Building Trust in AI Part II: Trusting the Algorithm

3 minute read

There is a need to evaluate a machine learning model as a whole before deploying it “in the wild”. Users need to be confident that the model will perform well on real-world data; and according to the metrics of interest. Currently, models are evaluated using accuracy metrics on an available validation datasets. However, real-world data is often significantly different. Furthermore, the evaluation such metrics may not be indicative of the product’s intended goal. Thus the thorough inspection of individual predictions and their explanations before deployment is a worthwhile solution. There are aspects related to the design of machine learning model that can have inbuilt bias. One such bias is the bias function of an estimator.

Estimator bias function

Bias function of an estimator is a measure of central tendency. It is the difference between the estimator expected value and the true value of the parameter being estimated. An estimator or decision rule with zero bias is called unbiased. Otherwise the estimator is said to be biased. In statistics, “bias” is an objective property of an estimator, and while not a desired property, it is not pejorative, unlike the ordinary English use of the term bias. Bias can also be measured with respect to the median, rather than the mean expected value.

The average of a set of data points tells us something about the data as a whole, but it doesn’t tell us about individual data points. As such sometimes the mean is misleading. In order to give unusually large or small values, also called outliers, less influence on our measure of where the center of our data is, we can use the median. However the mode is most useful when you have a relatively large sample so that you have a large number. So naturally there might be good reasons to use a statistically biased estimator; most notably, it might be to facilitate a significant reduced variance on small sample sizes in this way the use of a bias function is a deliberate choice. We consciously choose to use a “biased” algorithm in order to mitigate or compensate for other types of biases. For example, if one is concerned about the biasing impacts of training data, then many algorithms provide smoothing or regularization parameters that help to reduce the possibility of over fitting noisy or anomalous input data.

Bias can also arise from the inappropriate uses or deployment of the algorithms and autonomous systems. when the algorithm or resulting model is deployed outside of those contexts, then it will not necessarily perform according to its intended use case or appropriate standards. For example, an owner of a self-driving car in the United States decides to import their new car to the United kingdom. The autonomous systems within the car when driven within the United Kingdom would perform in an unwanted –biased manner since in the united kingdom we drive on the left-hand side of the road and not on the right. This biased performance arises from inappropriate use outside of an intended contexts. A more subtle example of transfer context bias could arise in translating a healthcare algorithm or autonomous system from a research hospital to a rural clinic. Almost certainly, the system would have significant algorithmic bias relative to a statistical standard, as the transfer context likely have quite different characteristics. This statistical bias could also be a moral bias if, say, the autonomous system assumed that the same level of resources were available, and so made morally flawed healthcare resource allocation decisions. Subtle nuances such as these have turned out to be socio political and economic tripwires for big businesses when step on because in many of these cases the fall out could have completely been avoided with an increased investment in the diversity technology field and among the groups of people that are actually creating the algorithms. An increase in the diversity culture brings with it an increase in the diversity of thoughts, considerations, perspectives and values. This is of incredible important in the now increasingly shared hyper-connected world where businesses, lives and livelihoods and reputations can be dismantled overnight with a Youtube, Facebook or twitter message. Because without diversity biases can be baked into these algorithms, and so they’ll behave in a prejudiced way, just like a biased person would. An investment in diversity is only really 50% of the journey the rest boils down to documentation and standard operating procedures. Documenting the use cases and hence it’s limitations as well as justifying the statistical methods used in the design of our machine learning models and making these white papers publically available for appraisal will take us that much closer to build trust in the promise of AI.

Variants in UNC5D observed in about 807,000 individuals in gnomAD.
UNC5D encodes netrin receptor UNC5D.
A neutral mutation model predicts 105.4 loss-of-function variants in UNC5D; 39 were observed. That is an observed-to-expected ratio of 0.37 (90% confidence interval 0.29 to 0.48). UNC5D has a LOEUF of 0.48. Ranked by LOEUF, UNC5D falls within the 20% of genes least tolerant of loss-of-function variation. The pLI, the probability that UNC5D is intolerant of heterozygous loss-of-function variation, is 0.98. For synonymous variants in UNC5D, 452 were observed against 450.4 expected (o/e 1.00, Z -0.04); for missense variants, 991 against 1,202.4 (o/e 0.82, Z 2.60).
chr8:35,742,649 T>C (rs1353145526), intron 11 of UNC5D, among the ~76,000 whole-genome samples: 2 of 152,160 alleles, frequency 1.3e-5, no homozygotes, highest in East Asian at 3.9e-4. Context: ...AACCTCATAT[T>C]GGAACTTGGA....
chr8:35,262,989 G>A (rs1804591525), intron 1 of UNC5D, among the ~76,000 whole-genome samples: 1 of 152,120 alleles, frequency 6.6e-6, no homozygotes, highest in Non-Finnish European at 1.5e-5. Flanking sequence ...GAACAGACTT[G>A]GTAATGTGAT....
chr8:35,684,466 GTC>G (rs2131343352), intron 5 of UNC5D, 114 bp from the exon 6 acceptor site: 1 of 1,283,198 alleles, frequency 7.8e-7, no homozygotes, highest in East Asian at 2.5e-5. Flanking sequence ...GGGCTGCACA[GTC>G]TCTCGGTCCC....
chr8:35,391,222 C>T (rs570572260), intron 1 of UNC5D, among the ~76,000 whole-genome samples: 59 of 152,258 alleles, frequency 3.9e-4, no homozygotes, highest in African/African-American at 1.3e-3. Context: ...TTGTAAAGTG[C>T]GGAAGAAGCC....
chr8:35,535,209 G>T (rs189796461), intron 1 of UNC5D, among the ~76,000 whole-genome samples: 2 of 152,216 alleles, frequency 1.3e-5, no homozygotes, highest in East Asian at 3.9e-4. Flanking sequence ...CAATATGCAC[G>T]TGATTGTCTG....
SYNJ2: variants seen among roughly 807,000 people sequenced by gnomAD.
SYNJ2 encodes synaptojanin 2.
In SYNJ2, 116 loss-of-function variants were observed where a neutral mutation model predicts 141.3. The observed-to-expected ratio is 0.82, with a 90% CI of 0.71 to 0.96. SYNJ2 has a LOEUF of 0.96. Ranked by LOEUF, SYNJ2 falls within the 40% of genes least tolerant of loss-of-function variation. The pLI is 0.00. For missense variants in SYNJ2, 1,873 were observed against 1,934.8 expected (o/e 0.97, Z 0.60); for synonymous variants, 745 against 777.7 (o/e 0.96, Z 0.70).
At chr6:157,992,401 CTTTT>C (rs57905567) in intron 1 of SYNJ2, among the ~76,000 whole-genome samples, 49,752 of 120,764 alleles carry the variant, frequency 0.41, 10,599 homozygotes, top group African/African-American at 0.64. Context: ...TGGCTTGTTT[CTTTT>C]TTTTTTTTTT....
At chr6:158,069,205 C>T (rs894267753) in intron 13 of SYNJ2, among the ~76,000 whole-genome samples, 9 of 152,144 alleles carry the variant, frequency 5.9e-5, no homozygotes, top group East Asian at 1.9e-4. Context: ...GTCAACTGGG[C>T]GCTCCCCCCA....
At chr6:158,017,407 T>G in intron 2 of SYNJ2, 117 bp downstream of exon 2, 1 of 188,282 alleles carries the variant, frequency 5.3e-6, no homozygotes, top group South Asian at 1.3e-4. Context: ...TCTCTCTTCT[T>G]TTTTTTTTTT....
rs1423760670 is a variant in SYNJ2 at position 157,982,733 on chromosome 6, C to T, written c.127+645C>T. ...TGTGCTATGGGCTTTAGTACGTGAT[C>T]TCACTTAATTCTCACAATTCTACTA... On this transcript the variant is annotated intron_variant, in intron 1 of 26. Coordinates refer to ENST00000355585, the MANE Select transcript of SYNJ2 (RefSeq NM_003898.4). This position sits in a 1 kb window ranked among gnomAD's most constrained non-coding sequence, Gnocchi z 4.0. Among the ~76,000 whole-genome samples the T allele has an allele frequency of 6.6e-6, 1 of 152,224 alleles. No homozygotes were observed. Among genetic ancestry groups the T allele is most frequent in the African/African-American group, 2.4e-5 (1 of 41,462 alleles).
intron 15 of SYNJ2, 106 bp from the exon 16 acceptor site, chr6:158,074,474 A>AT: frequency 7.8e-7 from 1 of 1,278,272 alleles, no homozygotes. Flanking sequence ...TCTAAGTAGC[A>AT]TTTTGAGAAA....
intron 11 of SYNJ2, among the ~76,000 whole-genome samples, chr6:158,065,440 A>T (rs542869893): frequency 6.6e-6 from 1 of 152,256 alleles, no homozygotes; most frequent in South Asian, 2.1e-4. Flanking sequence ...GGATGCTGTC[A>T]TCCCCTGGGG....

Hope this helps…